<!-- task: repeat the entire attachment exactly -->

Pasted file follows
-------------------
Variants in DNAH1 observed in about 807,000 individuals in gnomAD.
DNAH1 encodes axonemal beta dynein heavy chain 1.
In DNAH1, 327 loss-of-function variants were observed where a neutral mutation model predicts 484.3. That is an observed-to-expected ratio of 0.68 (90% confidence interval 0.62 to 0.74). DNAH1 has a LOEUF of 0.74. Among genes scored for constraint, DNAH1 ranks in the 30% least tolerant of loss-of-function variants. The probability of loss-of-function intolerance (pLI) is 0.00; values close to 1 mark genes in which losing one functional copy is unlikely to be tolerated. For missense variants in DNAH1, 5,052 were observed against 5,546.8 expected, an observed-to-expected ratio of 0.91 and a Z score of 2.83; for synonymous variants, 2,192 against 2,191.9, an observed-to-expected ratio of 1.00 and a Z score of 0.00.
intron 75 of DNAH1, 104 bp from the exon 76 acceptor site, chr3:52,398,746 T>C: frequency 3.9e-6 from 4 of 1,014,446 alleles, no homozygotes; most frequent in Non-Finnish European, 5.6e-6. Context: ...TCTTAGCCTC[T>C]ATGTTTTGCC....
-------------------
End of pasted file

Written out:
Variants in DNAH1 observed in about 807,000 individuals in gnomAD.
DNAH1 encodes axonemal beta dynein heavy chain 1.
In DNAH1, 327 loss-of-function variants were observed where a neutral mutation model predicts 484.3. That is an observed-to-expected ratio of 0.68 (90% confidence interval 0.62 to 0.74). DNAH1 has a LOEUF of 0.74. Among genes scored for constraint, DNAH1 ranks in the 30% least tolerant of loss-of-function variants. The probability of loss-of-function intolerance (pLI) is 0.00; values close to 1 mark genes in which losing one functional copy is unlikely to be tolerated. For missense variants in DNAH1, 5,052 were observed against 5,546.8 expected, an observed-to-expected ratio of 0.91 and a Z score of 2.83; for synonymous variants, 2,192 against 2,191.9, an observed-to-expected ratio of 1.00 and a Z score of 0.00.
intron 75 of DNAH1, 104 bp from the exon 76 acceptor site, chr3:52,398,746 T>C: frequency 3.9e-6 from 4 of 1,014,446 alleles, no homozygotes; most frequent in Non-Finnish European, 5.6e-6. Context: ...TCTTAGCCTC[T>C]ATGTTTTGCC....